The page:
The first and most basic is that we have been given another day of life.
The second is that in our Jewish tradition and faith it is the eve of the New Year and the beginning of the Days of Awe, that period in which we celebrate the arrival of the new, reflect on how we have fallen short, or, in the words of Rabbi Al Axelrad, missed the mark, and work to begin anew in our chosen areas of passion and commitment.
And the third is that on this day, 13 years ago, Dunreith, Aidan and stood together under a tree that had three roots that came together at the base and became a family.
On September 1, 2000, I packed up my white Honda Civic, left my apartment and my job in the field I had been in for 13 years, and drove out to Easthampton.
Three days later, Justice of the Peace Bruce Zeitler led Dunreith and me through a ceremony we had designed and guided us through our vows as we pledged our love to each other at that moment and for all future moments.
One of the moments I remember most from the ceremony is the point where both Dunreith and I did not read, but rather spoke from the heart, first to each other, and then to Aidan.
I don’t remember exactly what I said, but I do remember Dunreith’s blue eyes, her wintry hair and her pure authenticity.
At the end, I stepped on a glass wrapped in a white cloth napkin and Aidan threw rice at us.
Much has happened since then.
Aidan has grown from a boy to a young man I am proud to know, someone with character and compassion.
We have buried her parents, first Marty, then Helen, and my stepmother Diane.
We have moved halfway across the country, and, in July, to one of the more southern points in the world.
We have quilted a community that stretches from Chicago to Western Massachusetts, from Boston to South Africa, from California to Chile.
Aided by Dunreith’s unflagging support, I have made a transition from educator to writer.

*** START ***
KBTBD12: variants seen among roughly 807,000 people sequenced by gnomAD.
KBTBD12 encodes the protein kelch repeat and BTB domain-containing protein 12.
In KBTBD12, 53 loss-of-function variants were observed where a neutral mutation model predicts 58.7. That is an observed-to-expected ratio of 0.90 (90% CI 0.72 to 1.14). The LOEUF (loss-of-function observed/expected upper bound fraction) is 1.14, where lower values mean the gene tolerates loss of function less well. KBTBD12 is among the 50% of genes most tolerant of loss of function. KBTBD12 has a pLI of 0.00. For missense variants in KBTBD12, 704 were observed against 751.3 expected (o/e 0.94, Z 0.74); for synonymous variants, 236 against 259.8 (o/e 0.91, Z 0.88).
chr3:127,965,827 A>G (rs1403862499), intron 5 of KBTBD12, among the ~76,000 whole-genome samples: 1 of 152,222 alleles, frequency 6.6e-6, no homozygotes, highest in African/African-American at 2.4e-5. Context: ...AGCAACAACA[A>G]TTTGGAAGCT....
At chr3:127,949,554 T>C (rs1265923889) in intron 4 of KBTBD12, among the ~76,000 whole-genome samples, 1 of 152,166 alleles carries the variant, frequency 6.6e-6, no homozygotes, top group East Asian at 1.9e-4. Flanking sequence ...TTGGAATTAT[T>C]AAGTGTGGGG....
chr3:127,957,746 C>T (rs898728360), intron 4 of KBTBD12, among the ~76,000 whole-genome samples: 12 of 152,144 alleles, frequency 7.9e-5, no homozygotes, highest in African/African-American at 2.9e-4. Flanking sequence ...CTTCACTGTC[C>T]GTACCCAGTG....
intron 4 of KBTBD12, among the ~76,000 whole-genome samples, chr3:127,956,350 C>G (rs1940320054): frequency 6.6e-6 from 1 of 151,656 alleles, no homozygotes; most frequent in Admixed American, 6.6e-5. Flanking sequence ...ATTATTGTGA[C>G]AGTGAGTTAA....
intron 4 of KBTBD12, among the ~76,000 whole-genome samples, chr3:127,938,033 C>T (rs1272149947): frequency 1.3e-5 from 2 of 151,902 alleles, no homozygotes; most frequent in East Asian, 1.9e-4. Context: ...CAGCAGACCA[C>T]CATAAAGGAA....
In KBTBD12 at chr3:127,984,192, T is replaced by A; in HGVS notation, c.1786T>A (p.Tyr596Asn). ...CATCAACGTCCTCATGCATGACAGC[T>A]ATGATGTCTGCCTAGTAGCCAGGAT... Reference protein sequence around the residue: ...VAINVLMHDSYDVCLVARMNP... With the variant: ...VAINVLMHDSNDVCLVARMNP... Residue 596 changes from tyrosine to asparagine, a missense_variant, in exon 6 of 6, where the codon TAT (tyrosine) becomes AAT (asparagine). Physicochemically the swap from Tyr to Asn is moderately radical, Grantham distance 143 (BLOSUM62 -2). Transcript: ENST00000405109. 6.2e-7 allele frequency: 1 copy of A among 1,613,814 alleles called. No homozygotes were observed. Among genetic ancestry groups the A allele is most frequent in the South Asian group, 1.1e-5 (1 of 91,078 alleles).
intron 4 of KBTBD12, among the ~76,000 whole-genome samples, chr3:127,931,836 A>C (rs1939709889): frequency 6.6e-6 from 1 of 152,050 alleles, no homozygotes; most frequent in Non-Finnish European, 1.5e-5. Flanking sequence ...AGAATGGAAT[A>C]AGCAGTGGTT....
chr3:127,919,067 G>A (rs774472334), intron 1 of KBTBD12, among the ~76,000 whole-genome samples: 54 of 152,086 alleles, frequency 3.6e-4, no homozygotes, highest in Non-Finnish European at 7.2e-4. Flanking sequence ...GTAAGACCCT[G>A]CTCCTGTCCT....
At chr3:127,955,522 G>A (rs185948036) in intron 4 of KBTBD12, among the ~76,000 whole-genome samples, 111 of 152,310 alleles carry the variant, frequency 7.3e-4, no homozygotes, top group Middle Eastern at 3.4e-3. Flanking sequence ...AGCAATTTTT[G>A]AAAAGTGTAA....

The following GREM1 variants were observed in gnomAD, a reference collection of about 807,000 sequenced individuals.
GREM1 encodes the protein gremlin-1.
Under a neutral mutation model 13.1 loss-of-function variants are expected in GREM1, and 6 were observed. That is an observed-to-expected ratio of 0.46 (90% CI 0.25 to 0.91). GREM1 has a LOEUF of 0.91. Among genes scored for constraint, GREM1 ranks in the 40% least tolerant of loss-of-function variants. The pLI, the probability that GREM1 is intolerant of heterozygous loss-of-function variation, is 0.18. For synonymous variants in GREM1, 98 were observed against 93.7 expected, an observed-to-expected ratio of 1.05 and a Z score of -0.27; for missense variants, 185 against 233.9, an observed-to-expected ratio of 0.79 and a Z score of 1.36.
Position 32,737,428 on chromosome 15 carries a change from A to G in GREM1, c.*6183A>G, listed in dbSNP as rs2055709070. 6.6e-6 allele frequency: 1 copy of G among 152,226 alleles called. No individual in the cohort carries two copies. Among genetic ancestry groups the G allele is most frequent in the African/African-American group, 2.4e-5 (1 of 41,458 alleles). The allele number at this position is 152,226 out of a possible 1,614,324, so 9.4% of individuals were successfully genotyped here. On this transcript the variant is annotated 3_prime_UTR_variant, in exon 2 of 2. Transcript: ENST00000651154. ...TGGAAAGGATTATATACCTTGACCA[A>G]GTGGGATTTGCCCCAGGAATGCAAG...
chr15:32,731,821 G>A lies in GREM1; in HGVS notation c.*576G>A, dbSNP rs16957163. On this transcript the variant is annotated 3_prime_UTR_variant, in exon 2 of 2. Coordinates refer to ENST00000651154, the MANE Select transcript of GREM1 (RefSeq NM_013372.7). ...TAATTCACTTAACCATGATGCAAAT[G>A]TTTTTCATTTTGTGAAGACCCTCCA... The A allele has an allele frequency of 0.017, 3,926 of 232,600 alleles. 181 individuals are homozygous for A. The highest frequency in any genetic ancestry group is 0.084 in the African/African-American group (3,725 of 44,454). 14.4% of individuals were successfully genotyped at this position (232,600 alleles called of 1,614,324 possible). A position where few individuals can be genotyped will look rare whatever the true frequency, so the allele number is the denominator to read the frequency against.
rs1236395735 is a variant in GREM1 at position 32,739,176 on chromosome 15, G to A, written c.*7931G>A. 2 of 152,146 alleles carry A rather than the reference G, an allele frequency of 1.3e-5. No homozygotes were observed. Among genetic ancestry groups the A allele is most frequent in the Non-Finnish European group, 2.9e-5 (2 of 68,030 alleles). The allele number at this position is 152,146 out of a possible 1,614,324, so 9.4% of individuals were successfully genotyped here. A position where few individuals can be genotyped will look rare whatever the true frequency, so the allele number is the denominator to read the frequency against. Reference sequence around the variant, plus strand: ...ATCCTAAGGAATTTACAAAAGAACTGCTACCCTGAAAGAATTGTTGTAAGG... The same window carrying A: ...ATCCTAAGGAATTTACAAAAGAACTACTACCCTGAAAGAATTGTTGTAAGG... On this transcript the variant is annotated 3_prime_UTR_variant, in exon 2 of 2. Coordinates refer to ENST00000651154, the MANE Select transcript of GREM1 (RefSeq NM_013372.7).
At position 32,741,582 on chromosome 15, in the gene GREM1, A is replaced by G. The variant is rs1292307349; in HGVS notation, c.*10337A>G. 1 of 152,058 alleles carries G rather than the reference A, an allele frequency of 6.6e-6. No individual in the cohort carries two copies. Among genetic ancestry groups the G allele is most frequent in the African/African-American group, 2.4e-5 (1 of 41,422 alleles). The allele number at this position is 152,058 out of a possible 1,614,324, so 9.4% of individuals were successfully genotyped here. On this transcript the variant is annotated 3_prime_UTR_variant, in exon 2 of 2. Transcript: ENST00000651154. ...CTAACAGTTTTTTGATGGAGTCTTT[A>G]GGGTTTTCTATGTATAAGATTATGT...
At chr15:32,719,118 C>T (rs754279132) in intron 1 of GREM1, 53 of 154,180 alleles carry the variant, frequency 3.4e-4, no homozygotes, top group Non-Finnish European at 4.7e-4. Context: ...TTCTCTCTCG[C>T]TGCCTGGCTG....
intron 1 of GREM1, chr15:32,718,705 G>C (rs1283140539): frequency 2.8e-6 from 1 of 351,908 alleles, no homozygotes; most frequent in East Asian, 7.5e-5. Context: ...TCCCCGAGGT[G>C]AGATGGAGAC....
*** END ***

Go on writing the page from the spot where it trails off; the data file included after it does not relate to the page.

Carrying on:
Together, we have worked to help each other realize personal growth and professional success, and, in so doing, to build a life based on our most cherished relationships, our most basic values and our deepest dreams.
Our marriage is neither perfect nor always easy.
But, even during moments of conflict, it is always, always worth it.
Today, Dunreith and I shared a day full of gifts.
We took an unhurried, meandering walk through the tapestry of brightly colored buildings, lapislazuli shops and restaurants of many stripes in the Bellavista neighborhood.
We ate a freshly prepared and tasty meal at what has become our favorite restaurant here in Santiago.
We passed through a glorious collection of homemade paintings and flutes and posters and belts and etchings in Feria de Artesanos, a covered area rich with mosaic tile that ironically celebrated its 21st anniversary today.
Dunreith chose an unexpected gift: a copper ring with a green and black speckled stone in the shape of a D with a pair of tiny silver circles at the bottom and top of the letter.
We bought it from Juan Pablo Lazo, a lean Santinguino wearing a leather apron who has plied the trade he learned by observing other artists for two decades.
She displayed her newfound treasure for me as we walked over Pio Nono, with people passing by and the brown Mapocho River passing underneath.
We asked our waitress tonight to take a picture of us.
As I looked across the table and into Dunreith’s blue eyes and ever more wintry hair, I was filled with gratitude to her for sharing her life with me, for helping me reach my dreams, and, through her blend of fiercely unconditional love and soulful authenticity, helping me better a better husband, father and man.
Happy Anniversary, Dunreith.
L’Shanah Tovah, everyone.